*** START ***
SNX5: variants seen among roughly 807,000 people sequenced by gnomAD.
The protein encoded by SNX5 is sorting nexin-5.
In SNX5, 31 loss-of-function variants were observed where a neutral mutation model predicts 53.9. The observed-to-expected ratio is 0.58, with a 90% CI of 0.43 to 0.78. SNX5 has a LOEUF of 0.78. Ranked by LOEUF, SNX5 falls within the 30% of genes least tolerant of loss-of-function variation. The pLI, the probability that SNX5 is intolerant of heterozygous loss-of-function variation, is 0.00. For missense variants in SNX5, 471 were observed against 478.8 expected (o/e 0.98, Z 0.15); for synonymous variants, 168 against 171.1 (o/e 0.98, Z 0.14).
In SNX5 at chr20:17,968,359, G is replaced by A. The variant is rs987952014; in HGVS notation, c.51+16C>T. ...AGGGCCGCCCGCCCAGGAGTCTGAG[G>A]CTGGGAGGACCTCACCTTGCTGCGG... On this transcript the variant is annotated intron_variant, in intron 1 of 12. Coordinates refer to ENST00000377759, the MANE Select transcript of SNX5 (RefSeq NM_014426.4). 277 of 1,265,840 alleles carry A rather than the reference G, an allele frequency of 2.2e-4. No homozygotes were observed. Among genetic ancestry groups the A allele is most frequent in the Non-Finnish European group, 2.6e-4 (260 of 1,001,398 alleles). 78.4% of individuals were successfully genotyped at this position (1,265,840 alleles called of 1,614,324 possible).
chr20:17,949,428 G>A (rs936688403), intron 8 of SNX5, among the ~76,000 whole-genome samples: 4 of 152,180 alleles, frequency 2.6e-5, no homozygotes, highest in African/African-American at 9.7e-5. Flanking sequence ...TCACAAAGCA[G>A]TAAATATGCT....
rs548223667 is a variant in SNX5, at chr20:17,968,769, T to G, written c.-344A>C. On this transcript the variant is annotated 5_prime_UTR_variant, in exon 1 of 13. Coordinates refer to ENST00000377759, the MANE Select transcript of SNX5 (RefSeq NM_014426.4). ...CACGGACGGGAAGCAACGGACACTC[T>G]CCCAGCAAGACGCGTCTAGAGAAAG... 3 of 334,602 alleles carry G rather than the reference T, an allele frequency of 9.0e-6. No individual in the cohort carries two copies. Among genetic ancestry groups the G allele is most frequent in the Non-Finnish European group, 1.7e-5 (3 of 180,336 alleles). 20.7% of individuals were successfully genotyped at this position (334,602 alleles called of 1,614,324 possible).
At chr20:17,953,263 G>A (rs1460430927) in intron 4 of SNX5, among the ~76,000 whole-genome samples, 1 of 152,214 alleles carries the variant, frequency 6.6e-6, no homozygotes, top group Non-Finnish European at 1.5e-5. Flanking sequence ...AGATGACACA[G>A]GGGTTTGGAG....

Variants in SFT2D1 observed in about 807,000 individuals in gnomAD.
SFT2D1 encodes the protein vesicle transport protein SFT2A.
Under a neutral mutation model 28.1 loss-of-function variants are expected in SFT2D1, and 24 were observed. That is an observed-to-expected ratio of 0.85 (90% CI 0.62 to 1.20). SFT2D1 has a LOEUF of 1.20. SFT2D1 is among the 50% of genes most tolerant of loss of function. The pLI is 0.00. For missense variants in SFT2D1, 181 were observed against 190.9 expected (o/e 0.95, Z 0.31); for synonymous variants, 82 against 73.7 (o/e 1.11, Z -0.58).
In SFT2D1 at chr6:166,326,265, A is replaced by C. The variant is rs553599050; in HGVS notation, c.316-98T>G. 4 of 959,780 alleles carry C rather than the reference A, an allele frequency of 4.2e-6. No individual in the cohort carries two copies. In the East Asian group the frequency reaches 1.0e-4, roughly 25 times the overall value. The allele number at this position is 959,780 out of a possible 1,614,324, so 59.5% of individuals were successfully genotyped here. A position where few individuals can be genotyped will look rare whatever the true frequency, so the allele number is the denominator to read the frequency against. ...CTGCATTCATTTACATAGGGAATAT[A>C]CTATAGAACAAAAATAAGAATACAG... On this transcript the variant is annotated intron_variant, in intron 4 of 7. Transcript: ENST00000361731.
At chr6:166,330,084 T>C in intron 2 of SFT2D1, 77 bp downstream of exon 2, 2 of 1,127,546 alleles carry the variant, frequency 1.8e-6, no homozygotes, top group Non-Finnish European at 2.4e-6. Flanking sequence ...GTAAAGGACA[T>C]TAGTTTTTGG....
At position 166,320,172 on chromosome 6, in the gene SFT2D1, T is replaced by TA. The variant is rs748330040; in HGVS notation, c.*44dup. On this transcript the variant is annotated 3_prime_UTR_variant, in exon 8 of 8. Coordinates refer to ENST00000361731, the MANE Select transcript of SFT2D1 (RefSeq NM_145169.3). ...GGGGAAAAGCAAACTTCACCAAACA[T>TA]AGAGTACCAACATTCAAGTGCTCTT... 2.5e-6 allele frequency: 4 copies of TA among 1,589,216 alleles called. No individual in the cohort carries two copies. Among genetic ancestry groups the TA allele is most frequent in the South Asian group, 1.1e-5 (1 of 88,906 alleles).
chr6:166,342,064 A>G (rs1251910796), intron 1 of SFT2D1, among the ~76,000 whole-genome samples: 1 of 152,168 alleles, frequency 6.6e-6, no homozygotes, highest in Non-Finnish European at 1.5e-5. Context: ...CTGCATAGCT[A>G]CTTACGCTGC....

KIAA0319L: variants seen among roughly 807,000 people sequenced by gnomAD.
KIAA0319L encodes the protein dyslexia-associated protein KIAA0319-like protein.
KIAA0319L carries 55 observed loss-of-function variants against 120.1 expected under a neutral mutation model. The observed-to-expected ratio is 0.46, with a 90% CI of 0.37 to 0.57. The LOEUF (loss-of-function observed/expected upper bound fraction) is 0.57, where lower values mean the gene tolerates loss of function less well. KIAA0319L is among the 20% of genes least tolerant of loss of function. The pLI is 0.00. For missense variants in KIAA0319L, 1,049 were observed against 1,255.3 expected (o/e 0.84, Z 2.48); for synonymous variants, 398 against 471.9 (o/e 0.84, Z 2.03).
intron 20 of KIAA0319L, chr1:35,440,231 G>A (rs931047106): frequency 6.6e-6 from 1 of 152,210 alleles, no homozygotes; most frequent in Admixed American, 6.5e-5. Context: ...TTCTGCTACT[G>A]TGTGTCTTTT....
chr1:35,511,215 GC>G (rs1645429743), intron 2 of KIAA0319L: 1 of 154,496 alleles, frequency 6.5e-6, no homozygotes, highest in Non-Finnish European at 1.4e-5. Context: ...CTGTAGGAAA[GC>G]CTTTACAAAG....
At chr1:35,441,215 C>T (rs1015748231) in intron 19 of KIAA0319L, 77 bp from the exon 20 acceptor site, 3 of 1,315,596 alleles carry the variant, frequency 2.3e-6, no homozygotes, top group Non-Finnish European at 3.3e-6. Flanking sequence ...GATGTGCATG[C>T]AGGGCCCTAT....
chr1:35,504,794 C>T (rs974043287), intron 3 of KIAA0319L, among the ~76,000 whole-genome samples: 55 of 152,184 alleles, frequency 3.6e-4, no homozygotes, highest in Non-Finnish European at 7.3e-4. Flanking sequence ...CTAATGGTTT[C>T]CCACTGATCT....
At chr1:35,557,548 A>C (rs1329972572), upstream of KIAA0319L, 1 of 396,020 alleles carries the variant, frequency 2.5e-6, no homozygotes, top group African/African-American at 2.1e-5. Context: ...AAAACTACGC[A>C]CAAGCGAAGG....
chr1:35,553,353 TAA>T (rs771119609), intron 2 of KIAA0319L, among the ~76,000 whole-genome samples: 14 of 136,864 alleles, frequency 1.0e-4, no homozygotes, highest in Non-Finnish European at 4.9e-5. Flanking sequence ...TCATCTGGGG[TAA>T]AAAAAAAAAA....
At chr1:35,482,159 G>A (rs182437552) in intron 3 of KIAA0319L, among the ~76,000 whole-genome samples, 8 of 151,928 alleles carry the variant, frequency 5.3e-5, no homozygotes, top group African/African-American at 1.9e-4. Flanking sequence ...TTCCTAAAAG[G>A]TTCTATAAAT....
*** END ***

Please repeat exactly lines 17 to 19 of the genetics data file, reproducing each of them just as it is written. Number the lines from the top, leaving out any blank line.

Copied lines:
KIAA0319L carries 55 observed loss-of-function variants against 120.1 expected under a neutral mutation model. The observed-to-expected ratio is 0.46, with a 90% CI of 0.37 to 0.57. The LOEUF (loss-of-function observed/expected upper bound fraction) is 0.57, where lower values mean the gene tolerates loss of function less well. KIAA0319L is among the 20% of genes least tolerant of loss of function. The pLI is 0.00. For missense variants in KIAA0319L, 1,049 were observed against 1,255.3 expected (o/e 0.84, Z 2.48); for synonymous variants, 398 against 471.9 (o/e 0.84, Z 2.03).
intron 20 of KIAA0319L, chr1:35,440,231 G>A (rs931047106): frequency 6.6e-6 from 1 of 152,210 alleles, no homozygotes; most frequent in Admixed American, 6.5e-5. Context: ...TTCTGCTACT[G>A]TGTGTCTTTT....
chr1:35,511,215 GC>G (rs1645429743), intron 2 of KIAA0319L: 1 of 154,496 alleles, frequency 6.5e-6, no homozygotes, highest in Non-Finnish European at 1.4e-5. Context: ...CTGTAGGAAA[GC>G]CTTTACAAAG....